West Side News & Notes
Former Boston trustee remembered
BOSTON — John Puchalsky, who served as a Boston Township trustee for 14 years, died July 14.
Puchalsky, 74, a lifelong resident of Boston, also was a captain in the Valley Fire District, retiring in 1985, and later served as the trustees’ representative to the department. He also was a member and trustee of the Peninsula United Methodist Church, where his funeral took place July 20.
Township Trustees Chair Amy Anderson said Puchalsky, who was a trustee from 1992 to 2005, was a valued member of the community.
“There was never a time that he wasn’t helping, even when he was going through his own personal troubles,” Anderson said of Puchalsky, whose wife and son preceded him in death. “He took me under his wing, and he just was there every step of the way. There was nothing I didn’t know because he did such a good job mentoring me.”
She said Puchalsky was instrumental in seeing the Valley Fire District station built at Dogwood Drive.
“It was his baby,” she said.
Trustee Randy Bergdorf also said he would remember the former trustee for his contributions to the community.
“He always helped everyone in the community doing whatever they needed done, and he always had the proper tools and equipment to do it with,” Bergdorf said.
Family requested that donations in Puchalsky’s memory be made to either the church or Valley Fire District.
Ferfolia Funeral Home in Sagamore Hills handled arrangements.
Norton OKs adding Barberton to dispatch center
NORTON — Norton City Council met for a special meeting July 30 and unanimously adopted six pieces of legislation, including an ordinance that will add Barberton to its joint dispatch center with Copley.
Council Clerk Karla Richards said Barberton City Council is currently on its summer break, so its version of the legislation has not yet come up for a vote.
Also at the meeting, Richards said Council adopted ordinances approving the issuance and sale of bonds for water and sewer projects in the city that have already been completed.
Council also adopted an ordinance authorizing the mayor to lease radio tower equipment to Summit County.
Norton City Council, which is on its summer break, will next meet for a work session Aug. 20 at 7 p.m. in the Safety-Administration Building.
Richfield OKs paving project
RICHFIELD — Township trustees met for a special meeting July 30 and approved adding the paving of the driveway to Rising Valley Park to a job already started in the township.
Township Administrator Linda Bowmer said the meeting was called so contractor Lytle Construction, which already had a crew in the township doing a chip-and-seal project on two roads, could do the park driveway project. The company offered a $500 discount to do the job while it was in the area, Bowmer said.
The cost of the project is $8,100. Trustees Laurie Peters-Gilmore and Dave Wyatt approved the project. Trustee Janet Jankura could not attend.
Bowmer added the driveway work was to be completed July 31.
Ohio case of West Nile virus reported
COLUMBUS — The Ohio Department of Health (ODH) confirmed the first human case of West Nile virus (WNV) in the state this year on July 27.
ODH officials said a case of WNV encephalitis was confirmed in an 85-year-old man who is hospitalized in Clermont County. They added there also has been a sharp increase in the number of WNV-positive mosquitoes in the state.
“This first human case is about a month earlier than what we’ve seen over the last several years,” said ODH Director Dr. Ted Wymyslo. “The number of West Nile-positive mosquito pools are up significantly across the state, and it’s important that residents of Ohio take note and are diligent in protecting themselves against mosquito bites.”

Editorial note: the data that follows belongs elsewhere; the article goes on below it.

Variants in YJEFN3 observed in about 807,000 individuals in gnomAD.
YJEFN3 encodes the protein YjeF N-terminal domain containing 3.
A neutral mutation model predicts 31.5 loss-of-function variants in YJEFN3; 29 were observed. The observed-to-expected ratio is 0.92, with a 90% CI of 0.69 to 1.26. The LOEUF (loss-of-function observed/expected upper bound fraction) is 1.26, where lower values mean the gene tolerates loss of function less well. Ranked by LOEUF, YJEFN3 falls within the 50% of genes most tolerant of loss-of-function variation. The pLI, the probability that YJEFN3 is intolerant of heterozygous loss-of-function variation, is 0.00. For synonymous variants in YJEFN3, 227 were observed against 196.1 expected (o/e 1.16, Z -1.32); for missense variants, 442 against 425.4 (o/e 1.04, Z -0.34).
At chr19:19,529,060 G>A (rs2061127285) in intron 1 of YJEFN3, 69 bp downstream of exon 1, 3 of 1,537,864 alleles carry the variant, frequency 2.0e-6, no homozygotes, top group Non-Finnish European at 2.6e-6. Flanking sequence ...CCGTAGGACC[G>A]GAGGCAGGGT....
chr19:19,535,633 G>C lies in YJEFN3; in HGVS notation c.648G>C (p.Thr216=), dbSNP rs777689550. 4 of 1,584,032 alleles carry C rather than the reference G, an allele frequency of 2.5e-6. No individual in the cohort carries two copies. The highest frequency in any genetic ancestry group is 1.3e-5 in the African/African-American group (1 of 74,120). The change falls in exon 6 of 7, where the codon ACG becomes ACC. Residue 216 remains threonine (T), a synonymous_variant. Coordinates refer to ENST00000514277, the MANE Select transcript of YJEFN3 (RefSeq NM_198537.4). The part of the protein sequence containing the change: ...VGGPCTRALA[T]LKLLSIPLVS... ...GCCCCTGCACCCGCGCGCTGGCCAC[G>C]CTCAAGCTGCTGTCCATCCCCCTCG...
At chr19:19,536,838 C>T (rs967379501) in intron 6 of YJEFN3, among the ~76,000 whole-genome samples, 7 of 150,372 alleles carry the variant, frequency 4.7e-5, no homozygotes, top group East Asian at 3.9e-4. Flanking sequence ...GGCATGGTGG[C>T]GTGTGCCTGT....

So far in 2012, 374 mosquito pools have tested positive for WNV. At this time last year, the ODH lab had only recorded 59 WNV-positive mosquito pools, officials said. The current year’s early increase in WNV activity is similar to 2002, during which there were 299 positive pools by the end of July. By the end of the 2002 season, there were 441 human WNV cases and 31 fatalities in Ohio.
The ODH reports that culex mosquitoes (the type that transmit WNV) do well in drought-like conditions, preferring to breed in organically rich water sources, such as shrinking water in ditches and catch basins. Recent heat across the region also has sped up the mosquitoes’ life cycle and virus amplification, they said.
State officials gave these tips to avoid possible infection from mosquito bites:
√ If you are outdoors between dusk and dawn, when mosquitoes are most active, be sure to wear long pants, a long-sleeved shirt, shoes and socks.
√ Wear light colors, which are least attractive to mosquitoes.
√ Use insect repellent and follow the label directions.
To eliminate mosquito breeding sites near your home, the ODH recommends:
• removing all discarded tires and other water-holding containers, such as tin cans and unused flowerpots, from your property;
• eliminating standing water from your property;
• making sure all roof gutters are clean and properly draining;
• cleaning and chlorinating pools, outdoor saunas and hot tubs, keeping them empty when not in use and draining water from pool covers; and
• changing water in bird baths weekly.
WNV can have no symptoms, or can lead to West Nile fever or severe West Nile disease, ODH officials said. The Centers for Disease Control and Prevention (CDC) estimates that about 20 percent of people who become infected with WNV will develop West Nile fever. Symptoms include fever, headache, tiredness and body aches, occasionally with a skin rash and swollen lymph glands. While the illness can be as short as a few days, even healthy people have reported being sick for several weeks.
The CDC estimates that approximately 1 in 150 people infected with WNV will develop a more severe form of disease, such as West Nile encephalitis or meningitis or West Nile poliomyelitis.
Ohio has recorded human cases of WNV each year since 2002. For more information, visit the ODH website at www.odh.ohio.gov or the ODH mosquito information page at 1.usa.gov/l8HkPt.
Metro Parks to gate Liberty Park caves